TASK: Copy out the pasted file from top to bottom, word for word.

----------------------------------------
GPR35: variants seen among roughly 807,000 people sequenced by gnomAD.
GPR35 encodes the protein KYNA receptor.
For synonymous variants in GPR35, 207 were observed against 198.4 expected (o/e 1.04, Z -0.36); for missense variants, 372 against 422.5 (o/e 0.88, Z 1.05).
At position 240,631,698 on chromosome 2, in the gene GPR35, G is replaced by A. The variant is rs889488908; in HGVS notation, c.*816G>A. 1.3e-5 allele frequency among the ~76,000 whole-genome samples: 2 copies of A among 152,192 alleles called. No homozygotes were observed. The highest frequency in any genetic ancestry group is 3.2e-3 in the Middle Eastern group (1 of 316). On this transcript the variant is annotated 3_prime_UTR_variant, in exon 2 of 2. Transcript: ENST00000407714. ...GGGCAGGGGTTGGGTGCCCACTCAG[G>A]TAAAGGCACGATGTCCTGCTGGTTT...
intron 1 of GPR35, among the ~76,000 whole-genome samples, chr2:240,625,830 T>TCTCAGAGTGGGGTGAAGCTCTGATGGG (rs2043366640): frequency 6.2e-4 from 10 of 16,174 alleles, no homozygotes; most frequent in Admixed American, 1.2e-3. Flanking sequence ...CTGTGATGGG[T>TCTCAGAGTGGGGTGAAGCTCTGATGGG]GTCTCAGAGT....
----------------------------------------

GPR35: variants seen among roughly 807,000 people sequenced by gnomAD.
GPR35 encodes the protein KYNA receptor.
For synonymous variants in GPR35, 207 were observed against 198.4 expected (o/e 1.04, Z -0.36); for missense variants, 372 against 422.5 (o/e 0.88, Z 1.05).
At position 240,631,698 on chromosome 2, in the gene GPR35, G is replaced by A. The variant is rs889488908; in HGVS notation, c.*816G>A. 1.3e-5 allele frequency among the ~76,000 whole-genome samples: 2 copies of A among 152,192 alleles called. No homozygotes were observed. The highest frequency in any genetic ancestry group is 3.2e-3 in the Middle Eastern group (1 of 316). On this transcript the variant is annotated 3_prime_UTR_variant, in exon 2 of 2. Transcript: ENST00000407714. ...GGGCAGGGGTTGGGTGCCCACTCAG[G>A]TAAAGGCACGATGTCCTGCTGGTTT...
intron 1 of GPR35, among the ~76,000 whole-genome samples, chr2:240,625,830 T>TCTCAGAGTGGGGTGAAGCTCTGATGGG (rs2043366640): frequency 6.2e-4 from 10 of 16,174 alleles, no homozygotes; most frequent in Admixed American, 1.2e-3. Flanking sequence ...CTGTGATGGG[T>TCTCAGAGTGGGGTGAAGCTCTGATGGG]GTCTCAGAGT....